WITH unemployment rising in Jamaica, the job market is becoming extremely competitive, and among those who continue to have difficulty finding jobs are the disabled.
"Persons living with a disability are going to be among the unemployed in large numbers, because people within the society still have negative attitudes towards persons with disability. They believe that a person with a disability cannot do anything at all," explained government senator Floyd Morris.
Morris is the first blind person to ever be appointed to the upper house in the Jamaican parliament and is all too aware of the level of discrimination meted out to those who try to seek jobs that can also be filled by able-bodied individuals.
"That is why as someone with some sort of prominence within the society, I try to get myself actively involved in a lot of activities, to show that persons with disabilities can do a whole lot of stuff. In doing so, whilst I am marketing myself, I am showing that persons with disabilities can do things that able bodied can do," said the senator who ran in last week's staging of the Sagicor SIGMA corporate run which had over 20,000 participants.
If you are living with a physical or mental disability, all hope is not lost. You can still secure a job by networking with the right individuals and taking hold of every opportunity you are presented with to improve your marketability. Here are some tips that can help you secure your dream job despite your limitations.
1. Qualify yourself.
"First and foremost, as a person with a disability, you have to make sure you gain either a skill or you get some academic qualifications," said Morris, who currently holds a bachelor of arts degree in mass communication, a master of philosophy in government, and who is now in the process of pursuing his doctorate.
"The academic qualifications can't just be your CXC subjects, you have to get some form of academic certification, like a first degree or a second degree or something to that effect, to demonstrate that you are competent in that particular area, or if you are doing computer repairs, you have to get a certification from HEART/NTA to show that you are certified in that area," he said.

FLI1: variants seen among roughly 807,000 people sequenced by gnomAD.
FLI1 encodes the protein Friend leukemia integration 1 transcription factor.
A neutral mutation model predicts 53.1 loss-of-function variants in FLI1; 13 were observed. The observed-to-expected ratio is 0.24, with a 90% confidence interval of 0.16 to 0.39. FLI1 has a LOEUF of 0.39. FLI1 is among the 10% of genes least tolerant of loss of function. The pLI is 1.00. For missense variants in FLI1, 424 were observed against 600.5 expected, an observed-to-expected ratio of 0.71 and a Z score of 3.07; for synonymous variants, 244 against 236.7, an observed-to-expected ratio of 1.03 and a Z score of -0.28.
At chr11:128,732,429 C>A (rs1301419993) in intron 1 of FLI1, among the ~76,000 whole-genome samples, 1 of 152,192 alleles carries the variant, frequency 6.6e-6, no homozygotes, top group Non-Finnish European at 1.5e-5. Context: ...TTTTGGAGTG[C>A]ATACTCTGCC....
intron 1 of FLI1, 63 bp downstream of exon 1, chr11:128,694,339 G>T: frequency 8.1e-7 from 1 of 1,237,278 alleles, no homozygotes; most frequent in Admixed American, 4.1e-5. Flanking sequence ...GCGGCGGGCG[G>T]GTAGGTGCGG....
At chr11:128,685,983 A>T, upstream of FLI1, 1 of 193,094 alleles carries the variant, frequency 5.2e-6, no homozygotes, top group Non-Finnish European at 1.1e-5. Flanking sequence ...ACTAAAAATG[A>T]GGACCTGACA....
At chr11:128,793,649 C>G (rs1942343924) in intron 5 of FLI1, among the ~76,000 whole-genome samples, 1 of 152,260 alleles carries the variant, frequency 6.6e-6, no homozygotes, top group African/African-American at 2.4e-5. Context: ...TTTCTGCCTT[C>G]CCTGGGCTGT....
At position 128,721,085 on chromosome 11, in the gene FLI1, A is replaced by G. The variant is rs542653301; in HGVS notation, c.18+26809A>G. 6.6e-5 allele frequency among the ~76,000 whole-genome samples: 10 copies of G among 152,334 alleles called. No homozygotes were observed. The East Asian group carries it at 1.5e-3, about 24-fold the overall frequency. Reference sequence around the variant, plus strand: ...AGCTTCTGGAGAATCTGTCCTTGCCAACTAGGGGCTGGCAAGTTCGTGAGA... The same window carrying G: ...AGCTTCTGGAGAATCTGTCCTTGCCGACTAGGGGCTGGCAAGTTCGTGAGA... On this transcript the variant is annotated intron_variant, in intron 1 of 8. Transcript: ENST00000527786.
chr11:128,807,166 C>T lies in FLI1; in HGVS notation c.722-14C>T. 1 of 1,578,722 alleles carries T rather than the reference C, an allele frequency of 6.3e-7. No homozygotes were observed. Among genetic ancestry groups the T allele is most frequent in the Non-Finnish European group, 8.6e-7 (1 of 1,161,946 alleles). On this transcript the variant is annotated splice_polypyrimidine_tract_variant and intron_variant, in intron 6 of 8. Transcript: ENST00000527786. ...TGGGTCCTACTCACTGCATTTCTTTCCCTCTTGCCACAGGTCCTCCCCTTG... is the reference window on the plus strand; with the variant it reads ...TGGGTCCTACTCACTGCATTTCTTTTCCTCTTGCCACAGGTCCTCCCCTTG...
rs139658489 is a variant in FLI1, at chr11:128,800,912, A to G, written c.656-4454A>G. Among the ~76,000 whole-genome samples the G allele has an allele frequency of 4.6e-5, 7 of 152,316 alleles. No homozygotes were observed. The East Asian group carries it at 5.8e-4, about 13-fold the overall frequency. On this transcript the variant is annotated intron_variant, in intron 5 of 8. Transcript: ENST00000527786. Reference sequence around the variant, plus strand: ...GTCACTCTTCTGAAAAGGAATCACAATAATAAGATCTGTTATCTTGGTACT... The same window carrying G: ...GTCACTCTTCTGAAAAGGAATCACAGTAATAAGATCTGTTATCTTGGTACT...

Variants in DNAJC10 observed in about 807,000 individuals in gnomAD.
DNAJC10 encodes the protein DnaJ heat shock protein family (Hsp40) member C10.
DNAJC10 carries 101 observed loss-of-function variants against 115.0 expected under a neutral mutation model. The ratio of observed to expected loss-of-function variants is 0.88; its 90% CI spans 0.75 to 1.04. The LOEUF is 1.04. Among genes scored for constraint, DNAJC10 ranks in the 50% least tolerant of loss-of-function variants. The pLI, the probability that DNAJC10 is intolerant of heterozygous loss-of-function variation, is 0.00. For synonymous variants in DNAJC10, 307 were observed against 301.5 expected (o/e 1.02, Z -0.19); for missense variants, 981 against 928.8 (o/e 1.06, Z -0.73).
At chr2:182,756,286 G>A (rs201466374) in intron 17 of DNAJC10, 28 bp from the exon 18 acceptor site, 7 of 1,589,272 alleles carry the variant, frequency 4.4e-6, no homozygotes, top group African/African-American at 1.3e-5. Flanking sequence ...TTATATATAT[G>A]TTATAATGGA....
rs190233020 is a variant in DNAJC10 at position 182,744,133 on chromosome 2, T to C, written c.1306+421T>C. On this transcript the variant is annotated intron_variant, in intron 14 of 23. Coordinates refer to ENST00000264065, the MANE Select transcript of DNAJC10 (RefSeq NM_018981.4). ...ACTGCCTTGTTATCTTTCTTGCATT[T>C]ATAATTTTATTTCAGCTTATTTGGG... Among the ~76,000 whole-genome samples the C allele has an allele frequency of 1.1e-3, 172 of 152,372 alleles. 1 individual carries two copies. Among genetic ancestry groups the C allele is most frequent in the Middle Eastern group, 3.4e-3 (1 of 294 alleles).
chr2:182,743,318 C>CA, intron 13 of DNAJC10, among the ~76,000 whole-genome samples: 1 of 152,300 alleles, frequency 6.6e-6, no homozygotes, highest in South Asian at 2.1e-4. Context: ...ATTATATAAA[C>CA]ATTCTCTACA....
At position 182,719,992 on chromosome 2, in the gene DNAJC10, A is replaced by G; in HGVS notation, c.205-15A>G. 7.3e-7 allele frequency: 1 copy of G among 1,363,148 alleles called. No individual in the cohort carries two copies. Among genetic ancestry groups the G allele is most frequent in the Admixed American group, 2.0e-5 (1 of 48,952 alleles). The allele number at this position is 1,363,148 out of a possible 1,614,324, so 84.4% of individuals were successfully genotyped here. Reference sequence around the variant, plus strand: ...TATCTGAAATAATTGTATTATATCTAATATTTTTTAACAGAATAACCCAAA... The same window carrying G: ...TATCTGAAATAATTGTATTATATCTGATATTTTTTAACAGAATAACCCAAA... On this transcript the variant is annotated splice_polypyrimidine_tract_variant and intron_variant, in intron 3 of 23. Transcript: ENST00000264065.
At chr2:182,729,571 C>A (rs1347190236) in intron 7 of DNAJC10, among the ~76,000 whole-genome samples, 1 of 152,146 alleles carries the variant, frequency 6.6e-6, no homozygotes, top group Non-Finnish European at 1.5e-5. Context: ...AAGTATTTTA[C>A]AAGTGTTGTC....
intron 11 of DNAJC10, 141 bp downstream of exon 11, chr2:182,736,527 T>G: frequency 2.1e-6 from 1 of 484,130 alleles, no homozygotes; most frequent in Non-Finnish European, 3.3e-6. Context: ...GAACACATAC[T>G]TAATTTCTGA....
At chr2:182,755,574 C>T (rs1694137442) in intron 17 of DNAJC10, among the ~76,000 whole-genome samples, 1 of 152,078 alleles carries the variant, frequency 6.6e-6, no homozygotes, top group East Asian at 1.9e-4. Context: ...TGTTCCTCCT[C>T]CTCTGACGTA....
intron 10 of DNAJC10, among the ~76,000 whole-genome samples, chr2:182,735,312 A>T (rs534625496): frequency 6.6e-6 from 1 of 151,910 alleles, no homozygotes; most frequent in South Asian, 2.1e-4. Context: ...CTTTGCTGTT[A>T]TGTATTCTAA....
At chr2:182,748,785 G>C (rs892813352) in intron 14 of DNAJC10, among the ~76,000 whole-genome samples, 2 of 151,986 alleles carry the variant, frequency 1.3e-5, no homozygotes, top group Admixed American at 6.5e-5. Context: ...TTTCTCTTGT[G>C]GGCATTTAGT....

2. Make friends with able-bodied individuals. "Once you are in an academic institution, you have to make sure that as a person with a disability, you don't confine yourself amongst your peers," advised Morris. "Don't confine yourself to just being among persons with disabilities, you have to make sure that you get involved with service clubs where you can meet individuals, who when they leave that academic institution, they are going to become captains of industries, and if you are associated with them from your university days, they will remember you when you go out there to seek some form of employment."
3. Get involved.
Get involved and volunteer with clubs, so that people will get to know you and you can increase your chances of learning about job offerings. "That sort of networking is what persons with disabilities should do so that people will know them and know what their skill sets are. They have to become a part of service clubs," the senator pointed out.
4. Don't be fearful of reaching out.
The prospect of being interviewed by individuals who don't understand your challenges might be scary. But don't fall into the trap of failing to reach out to get that job you desire. Morris said this is something that some people with a disabilities are guilty of. "With some of them, that is the situation, because they think that 'if I apply, I am not going to get it, because I am disabled'; but they cannot adopt that sort of approach. They have to keep on pressing, they have to keep on knocking on the door and ask that they be given a chance to demonstrate their true potential."
5. Connect with agencies that advocates for those with disabilities.
These agencies would have a better idea of where you can seek job opportunities and could possibly refer you when job openings come up. The Jamaica Council for Persons with Disabilities is one such government agency that is responsible for the vocational training and placement of persons with disabilities in Jamaica.